Nonetheless, and if this is the case, I've heard good things about the Calvert courses, but whether they "count" toward higher education is not known to me. I would concentrate, however, not on what they are to learn, but how you and your mate propose to teach them. That seems key, as does the discipline of daily "study time" (unless it's squally!).

"Boat schooled kids" seem, in my limited acquaintance, to either turn out as illiterate, itinerant mechanics or fiberglassers (thanks to life aboard), or ridiculously well-rounded, classically educated, self-confident, worldly types who have an astounding level of self-assurance and skills.

Which is what one would hope for, I would think. I would guess I've met either as older kids or young adults about six or seven examples, and I would say five were of the "scarily self-possessed, unusually mature" type. Which does give one hope that one is on the right track when proposing to take a pre-teen out of school and offshore for most of his adolescence.
Home schooling is going to turn out the same number of brilliant kids, average kids and slackers as any other approach. The bottom line is that each child is an individual. I only saw one family I thought shouldn't be doing it. The dad was a carpenter who helped remodel our kitchen. He clearly was a bully at home who used home schooling as one more way to isolate his family from the rest of the world. It was very creepy.
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Old 20-09-2011, 07:44   #14
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Re: Homeschooling Nine and Eleven Year-Olds while Cruising the World

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Everyone in my family from parents to siblings are public school teachers. I am not. All but one have their masters in education. My sisters are all National board certified. When my wife and I first told them we would be home schooling our then eight year old daughter all kinds of stinky stuff hit the fan..... Oh, and if the socialization issue comes up with your friends and family, by the second year of home schooling that will provide you with the biggest laughs of all.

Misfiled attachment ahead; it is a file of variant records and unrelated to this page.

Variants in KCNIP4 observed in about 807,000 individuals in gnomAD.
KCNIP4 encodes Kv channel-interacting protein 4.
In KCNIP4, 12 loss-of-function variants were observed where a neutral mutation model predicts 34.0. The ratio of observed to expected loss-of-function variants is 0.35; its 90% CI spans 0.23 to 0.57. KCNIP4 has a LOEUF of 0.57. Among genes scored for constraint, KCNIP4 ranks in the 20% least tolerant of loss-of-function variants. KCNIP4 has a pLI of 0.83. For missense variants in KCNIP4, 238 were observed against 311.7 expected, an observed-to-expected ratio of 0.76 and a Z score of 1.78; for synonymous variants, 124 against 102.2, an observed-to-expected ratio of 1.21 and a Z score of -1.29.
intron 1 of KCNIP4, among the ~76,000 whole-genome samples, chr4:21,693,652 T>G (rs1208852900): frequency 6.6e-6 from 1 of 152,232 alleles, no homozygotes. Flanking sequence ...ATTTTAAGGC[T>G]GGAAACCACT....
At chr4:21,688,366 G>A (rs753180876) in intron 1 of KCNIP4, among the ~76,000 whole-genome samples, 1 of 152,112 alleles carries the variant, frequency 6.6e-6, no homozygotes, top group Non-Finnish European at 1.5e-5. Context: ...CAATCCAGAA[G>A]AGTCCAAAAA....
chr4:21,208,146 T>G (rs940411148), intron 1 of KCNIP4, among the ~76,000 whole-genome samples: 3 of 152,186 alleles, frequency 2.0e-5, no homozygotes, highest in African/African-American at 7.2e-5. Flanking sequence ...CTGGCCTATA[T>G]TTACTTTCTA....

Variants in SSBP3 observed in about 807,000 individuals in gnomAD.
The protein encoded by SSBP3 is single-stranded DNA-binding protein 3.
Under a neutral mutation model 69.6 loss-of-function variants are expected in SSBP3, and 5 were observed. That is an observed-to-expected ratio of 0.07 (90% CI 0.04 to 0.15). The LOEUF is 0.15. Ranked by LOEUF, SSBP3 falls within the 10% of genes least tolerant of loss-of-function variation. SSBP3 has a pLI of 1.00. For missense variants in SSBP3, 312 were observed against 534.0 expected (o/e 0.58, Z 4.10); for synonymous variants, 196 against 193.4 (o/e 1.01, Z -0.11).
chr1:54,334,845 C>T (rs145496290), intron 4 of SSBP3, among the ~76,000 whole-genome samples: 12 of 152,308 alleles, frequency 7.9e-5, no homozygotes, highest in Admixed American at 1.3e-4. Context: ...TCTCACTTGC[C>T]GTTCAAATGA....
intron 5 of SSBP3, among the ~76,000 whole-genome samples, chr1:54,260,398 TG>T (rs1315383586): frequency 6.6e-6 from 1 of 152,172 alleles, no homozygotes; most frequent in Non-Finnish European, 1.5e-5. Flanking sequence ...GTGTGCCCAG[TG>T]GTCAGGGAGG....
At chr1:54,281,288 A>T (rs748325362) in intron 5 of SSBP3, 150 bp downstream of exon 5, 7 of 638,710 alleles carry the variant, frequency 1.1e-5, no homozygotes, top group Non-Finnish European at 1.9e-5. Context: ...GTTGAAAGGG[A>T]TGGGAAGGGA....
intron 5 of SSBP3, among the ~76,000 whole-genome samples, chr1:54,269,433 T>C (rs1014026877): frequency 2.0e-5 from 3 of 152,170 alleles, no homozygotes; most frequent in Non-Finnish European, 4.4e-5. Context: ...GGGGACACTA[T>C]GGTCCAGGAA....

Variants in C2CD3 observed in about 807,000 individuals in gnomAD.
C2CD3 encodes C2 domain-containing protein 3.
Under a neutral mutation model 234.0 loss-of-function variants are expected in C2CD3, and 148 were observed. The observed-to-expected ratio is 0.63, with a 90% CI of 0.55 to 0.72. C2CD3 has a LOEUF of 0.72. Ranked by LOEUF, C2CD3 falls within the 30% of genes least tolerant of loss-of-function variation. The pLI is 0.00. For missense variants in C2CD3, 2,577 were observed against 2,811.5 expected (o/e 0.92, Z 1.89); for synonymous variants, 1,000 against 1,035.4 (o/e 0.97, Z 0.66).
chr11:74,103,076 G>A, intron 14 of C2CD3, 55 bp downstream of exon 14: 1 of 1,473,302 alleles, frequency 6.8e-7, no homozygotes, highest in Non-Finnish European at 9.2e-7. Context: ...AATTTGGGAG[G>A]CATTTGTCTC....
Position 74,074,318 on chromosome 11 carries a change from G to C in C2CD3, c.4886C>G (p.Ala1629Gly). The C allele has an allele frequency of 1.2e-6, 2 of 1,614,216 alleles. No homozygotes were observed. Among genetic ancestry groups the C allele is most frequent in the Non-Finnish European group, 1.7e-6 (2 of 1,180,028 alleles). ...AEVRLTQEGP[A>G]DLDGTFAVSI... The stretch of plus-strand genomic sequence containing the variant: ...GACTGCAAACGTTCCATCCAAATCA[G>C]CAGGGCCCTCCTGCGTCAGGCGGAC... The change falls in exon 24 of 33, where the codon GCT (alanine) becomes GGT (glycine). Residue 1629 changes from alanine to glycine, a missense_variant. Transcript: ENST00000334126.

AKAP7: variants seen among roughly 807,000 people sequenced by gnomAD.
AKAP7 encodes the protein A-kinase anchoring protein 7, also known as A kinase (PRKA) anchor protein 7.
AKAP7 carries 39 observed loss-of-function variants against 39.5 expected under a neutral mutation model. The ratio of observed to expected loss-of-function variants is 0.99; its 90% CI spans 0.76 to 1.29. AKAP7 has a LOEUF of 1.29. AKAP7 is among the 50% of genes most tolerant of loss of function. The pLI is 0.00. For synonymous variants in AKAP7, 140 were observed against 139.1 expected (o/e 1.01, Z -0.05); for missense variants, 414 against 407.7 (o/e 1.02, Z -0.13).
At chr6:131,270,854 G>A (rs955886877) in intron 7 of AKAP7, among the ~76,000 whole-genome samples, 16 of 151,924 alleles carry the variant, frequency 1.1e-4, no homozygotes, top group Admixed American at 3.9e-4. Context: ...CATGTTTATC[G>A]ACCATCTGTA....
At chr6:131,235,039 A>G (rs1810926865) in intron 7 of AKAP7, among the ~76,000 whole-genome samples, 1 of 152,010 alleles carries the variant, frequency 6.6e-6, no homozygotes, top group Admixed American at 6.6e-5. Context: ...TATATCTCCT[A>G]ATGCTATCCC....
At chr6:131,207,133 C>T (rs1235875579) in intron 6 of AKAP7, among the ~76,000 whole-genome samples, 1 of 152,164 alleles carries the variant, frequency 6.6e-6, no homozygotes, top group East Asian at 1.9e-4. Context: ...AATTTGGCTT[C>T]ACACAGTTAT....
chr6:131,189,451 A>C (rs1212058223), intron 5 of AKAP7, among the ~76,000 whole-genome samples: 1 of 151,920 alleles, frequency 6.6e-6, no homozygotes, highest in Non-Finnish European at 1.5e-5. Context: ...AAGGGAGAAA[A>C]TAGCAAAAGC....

Edited for brevity ...

I think in 2011 homeschooling makes more sense than ever, because education is getting so regimented. When I started, everyone talked about "teachable moments" -- a child would bring a caterpillar in from the playground, and the teacher would stop what she had intended to teach and talk about the life cycles of butterflies and moths. With the internet now, if we could still that, there would be no problem identifying what the caterpillar would develop into. She might pull out "The Hungry, Hungry Caterpillar" book and read it to them if they were of that age.

But now the teacher has to say "That's nice, Johnny, now take it back outside," because what she HAS to teach ... is on the achievement test. If her kids don't do well on the test, she could lose her job. Those tests rule everything that happens in the classroom.

Sunday at the beach with friends we found a shell, put it in a bag. The bag just happened to have sea water in it from other shells when out swam -- a little octopus that had been hiding in one of the shells! We had great fun looking at the little guy. Then we let him pick the shell of his choice and put him back in the water about where the shell had been found. Think of what a lesson a home schooling family could have made out of that.
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Old 20-09-2011, 08:17   #15
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Re: Homeschooling Nine and Eleven Year-Olds while Cruising the World

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What will you do for socialization opportunities? People think of home-schooled children as isolated, but they're not -- that's why we met so many of them. But that is an important part of growing up.
Our plans include the use of our SSB to contact other cruising families and to alter plans for meet-ups in interesting places. As said, my wife will be a freshly minted teacher from a reputable place, and will likely be a "draw" for that reason.

We will also have at least one long-term stop for rest, repair and relaxation, probably in New Zealand, and we might put him in school for a few months to knock the edges off his Crusoe persona.